I just cannot deal with anything the life n soul has truly been sucked out of me.
      We were so close we spoke on the phone at least 4 times a day n spent every weekend together.
      She hung herself in the flat we share that’s all I no at the moment which was our happy place after losing our dad 4 yrs ago to cancer.
      I want to go there but am terrified I may do the same!
      Somebody pls help me understand why u would want to leave there twin who they loved so much feeling like this with so much fun times in the diary, that will never now happen??
      I litrally cannot bare the thought of going to my twins funeral n seeing my mum in so much pain y has this happened to me.

      Lost twin
      natalie ford

      • Dear Natalie,

        I lost my twin brother 4 years ago to Cancer. I can still see him pretty often in dreams. some of these dreams are so real I think it is actually happening.

        Maybe you will have that too. The worst case scenario is that someday we are going to die to someday so then we will join them wherever they are.

        I still can’t believe it happened. Every day I ask myself why.

        Hang on in there Natalie. Someday you will see Lianne again and she will explain you what happened. In the meanwhile take care of your mom and your 3 year old.

        We are here too if you need.

      • Dear Natalie, take small steps.

        “That I’m separated from my twin for only 16 hours a day and then I see her again while I was sleeping” – At the very beginning, this thought helped me a lot. As jlclua has written, you will surely dream of her and then wake up very emotionally because you realize that your twin is dead. You are in the phase where you have to survive, even for your son. Believe me, your son will give you strength to endure the whole thing. He needs you and you need him.
        My sister Tamara started rail suicide. She had chronic pain for a long time and was depressed. Unfortunately, the depression didn’t diagnose a doctor or psychologist and nobody found the cause of her pain. So I can understand why my sister did suicide, even if it brokes my heart. Unfortunately, I can’t tell you why Lianne started suicide. But she must have been very unhappy and hopeless about a situation in her life. But I can tell you that she didn’t want to hurt you in any way. She didn’t understand the extent of her act.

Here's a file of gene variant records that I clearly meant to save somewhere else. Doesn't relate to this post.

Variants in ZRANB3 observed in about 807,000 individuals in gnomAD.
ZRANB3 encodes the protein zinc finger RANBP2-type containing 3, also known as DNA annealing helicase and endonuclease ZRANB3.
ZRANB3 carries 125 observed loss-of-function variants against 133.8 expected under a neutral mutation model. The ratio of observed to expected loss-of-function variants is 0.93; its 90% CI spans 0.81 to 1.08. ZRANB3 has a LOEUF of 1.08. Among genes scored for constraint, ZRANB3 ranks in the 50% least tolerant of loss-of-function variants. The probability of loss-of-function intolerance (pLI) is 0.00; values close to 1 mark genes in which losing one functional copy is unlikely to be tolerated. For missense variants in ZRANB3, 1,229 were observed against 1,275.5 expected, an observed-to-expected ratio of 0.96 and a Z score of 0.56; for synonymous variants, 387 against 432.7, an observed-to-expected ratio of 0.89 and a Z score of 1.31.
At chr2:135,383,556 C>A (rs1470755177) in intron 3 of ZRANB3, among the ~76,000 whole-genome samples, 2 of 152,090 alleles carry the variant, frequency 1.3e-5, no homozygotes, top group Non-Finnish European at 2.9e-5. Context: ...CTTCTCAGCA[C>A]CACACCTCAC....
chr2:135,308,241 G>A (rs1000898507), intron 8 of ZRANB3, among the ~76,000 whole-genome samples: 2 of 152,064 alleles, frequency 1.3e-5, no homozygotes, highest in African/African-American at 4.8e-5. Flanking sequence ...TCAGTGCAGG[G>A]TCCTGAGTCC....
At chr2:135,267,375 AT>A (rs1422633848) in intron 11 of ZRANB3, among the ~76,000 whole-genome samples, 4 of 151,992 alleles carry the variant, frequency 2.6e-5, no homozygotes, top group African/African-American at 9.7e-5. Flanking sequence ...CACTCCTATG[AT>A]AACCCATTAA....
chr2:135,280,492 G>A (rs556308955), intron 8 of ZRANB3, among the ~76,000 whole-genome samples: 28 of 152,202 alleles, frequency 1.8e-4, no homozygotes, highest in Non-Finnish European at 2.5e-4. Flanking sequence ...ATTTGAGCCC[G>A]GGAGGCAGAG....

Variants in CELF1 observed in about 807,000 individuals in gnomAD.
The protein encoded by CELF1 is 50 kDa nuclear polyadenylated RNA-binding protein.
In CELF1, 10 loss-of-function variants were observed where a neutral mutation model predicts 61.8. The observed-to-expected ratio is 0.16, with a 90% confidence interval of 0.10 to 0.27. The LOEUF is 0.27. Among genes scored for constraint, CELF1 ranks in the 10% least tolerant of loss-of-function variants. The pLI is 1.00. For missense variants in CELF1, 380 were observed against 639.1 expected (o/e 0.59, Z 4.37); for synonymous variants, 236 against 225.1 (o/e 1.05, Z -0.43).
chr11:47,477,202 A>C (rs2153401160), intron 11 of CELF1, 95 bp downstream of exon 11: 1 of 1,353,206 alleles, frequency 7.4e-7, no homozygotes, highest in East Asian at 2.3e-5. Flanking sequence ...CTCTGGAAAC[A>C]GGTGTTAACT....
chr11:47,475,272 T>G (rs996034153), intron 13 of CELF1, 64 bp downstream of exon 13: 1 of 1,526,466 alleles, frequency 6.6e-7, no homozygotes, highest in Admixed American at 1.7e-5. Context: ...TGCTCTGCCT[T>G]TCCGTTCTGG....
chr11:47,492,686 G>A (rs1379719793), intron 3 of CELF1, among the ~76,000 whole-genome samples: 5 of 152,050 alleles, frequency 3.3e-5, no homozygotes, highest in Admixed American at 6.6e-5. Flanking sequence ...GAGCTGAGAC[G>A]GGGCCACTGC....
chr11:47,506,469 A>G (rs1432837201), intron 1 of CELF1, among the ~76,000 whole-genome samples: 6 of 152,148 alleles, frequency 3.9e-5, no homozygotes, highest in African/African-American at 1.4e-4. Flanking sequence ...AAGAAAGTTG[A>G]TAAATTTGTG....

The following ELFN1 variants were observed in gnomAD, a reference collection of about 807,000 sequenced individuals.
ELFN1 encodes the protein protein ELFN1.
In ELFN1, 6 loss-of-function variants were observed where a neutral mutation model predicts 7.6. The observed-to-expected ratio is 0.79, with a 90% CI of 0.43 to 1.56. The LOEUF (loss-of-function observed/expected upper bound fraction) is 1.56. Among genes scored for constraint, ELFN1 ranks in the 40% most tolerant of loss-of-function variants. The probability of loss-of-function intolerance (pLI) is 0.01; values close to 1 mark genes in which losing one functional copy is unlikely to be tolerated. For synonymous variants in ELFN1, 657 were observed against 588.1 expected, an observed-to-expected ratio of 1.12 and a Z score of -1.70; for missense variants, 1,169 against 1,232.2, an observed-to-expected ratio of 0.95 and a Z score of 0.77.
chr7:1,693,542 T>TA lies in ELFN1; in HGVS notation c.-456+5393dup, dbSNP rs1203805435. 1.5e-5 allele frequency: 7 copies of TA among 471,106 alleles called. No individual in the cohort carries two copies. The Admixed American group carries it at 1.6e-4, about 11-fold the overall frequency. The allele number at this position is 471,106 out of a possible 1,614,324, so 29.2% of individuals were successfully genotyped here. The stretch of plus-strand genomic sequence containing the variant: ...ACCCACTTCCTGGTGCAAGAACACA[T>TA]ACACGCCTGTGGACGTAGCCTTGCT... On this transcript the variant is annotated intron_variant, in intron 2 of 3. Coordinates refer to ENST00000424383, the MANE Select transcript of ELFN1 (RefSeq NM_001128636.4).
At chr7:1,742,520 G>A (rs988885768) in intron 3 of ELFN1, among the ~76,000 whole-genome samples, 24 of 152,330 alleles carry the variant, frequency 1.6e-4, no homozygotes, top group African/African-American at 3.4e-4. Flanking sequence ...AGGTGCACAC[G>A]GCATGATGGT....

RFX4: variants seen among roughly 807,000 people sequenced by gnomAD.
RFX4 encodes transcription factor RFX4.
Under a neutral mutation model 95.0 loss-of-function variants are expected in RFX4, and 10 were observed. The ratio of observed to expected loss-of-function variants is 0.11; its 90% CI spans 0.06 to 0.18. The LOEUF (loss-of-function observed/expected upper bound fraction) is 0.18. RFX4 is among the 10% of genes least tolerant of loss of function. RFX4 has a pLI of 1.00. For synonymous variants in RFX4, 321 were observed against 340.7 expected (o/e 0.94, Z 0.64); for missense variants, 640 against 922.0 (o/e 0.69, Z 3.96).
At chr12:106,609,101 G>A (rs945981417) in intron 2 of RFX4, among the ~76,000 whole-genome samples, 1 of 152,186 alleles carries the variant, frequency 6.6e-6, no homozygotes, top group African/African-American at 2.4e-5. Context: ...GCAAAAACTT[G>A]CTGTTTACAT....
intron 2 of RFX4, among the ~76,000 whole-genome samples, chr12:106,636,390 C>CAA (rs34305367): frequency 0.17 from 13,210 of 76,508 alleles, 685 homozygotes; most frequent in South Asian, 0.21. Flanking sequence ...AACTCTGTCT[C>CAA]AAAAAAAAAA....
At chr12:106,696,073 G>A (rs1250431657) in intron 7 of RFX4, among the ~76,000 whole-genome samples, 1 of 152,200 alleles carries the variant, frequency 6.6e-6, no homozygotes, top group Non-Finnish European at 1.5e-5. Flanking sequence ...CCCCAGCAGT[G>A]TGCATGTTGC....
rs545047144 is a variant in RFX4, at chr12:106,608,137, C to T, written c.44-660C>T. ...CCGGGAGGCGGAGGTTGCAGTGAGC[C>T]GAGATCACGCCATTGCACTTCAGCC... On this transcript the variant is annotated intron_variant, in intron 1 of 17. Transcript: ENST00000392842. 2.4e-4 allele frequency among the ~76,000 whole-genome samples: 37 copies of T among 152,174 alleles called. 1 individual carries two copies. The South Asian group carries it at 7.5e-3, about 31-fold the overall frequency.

And take the time you need. At some point you will be ready to visit her funeral. Just listen to you, your heart will tell you when you’re ready. And yes, you might get suicidal thoughts, if that’s so, talk about it. If necessary with a psychologist. And don’t be ashamed of these thoughts, it’s normal and understandable in our situations.

        For me the look in the mirror was very heavy afterwards and also the realization that my hands are also her hands. Sometimes I hugged myself and imagined that it was her hug. Sometimes I stood in front of a full length mirror for a very long time to make the phantom pain disappear.
        Losing a twin really feels like you’ve lost a part of yourself. At the age of 18, I was completely lost in an identity crisis. Therefore, I can understand very well why you describe you as “lost twin”.

        Stay strong but cry too and please excuse my english. My mother tongue is german. Big hug.

  6. My twin sister Ellen died of cot death at barely 4 weeks old. My parents (younger than I am now) dealt with this unbelievable, inconsolable experience as best they could. But it broke them entirely. My father who I love dearly, has struggled with his emotions since. He simply can’t utter a word about her. I can see still, him being able to barely comprehend what happened. It broke him, forever. They were just kids, how they dealt with it it I don’t know. I am now married and have two boys – who I’d wrestle a lion for – they are everything. If I were to lose them, or something were to happen, I’m not sure I could survive that. And so I am left feeling eternally guilty, that I ‘survived’ and she didn’t, that each and every happy occasion that I have had that has gone by, has been tinged with sadness. It’s not their fault, i get it. That i have spent my way through whole life mourning for someone I never really knew, trying to live for them, as well as me. It’s quite bizarre. There’s so much more I could say, but for now I just wanted to write down some words, to help. As it has effected me, who I am with my loved ones, my wife, my kids. I don’t want Ellen’s death to define me, but at the same time I want to keep her alive in my actions and memories. It’s hard when you feel in some way you have been grieving all your life and you have no reason to. Anyway, she’d probably tell me to grow a pair. Big up E.xxx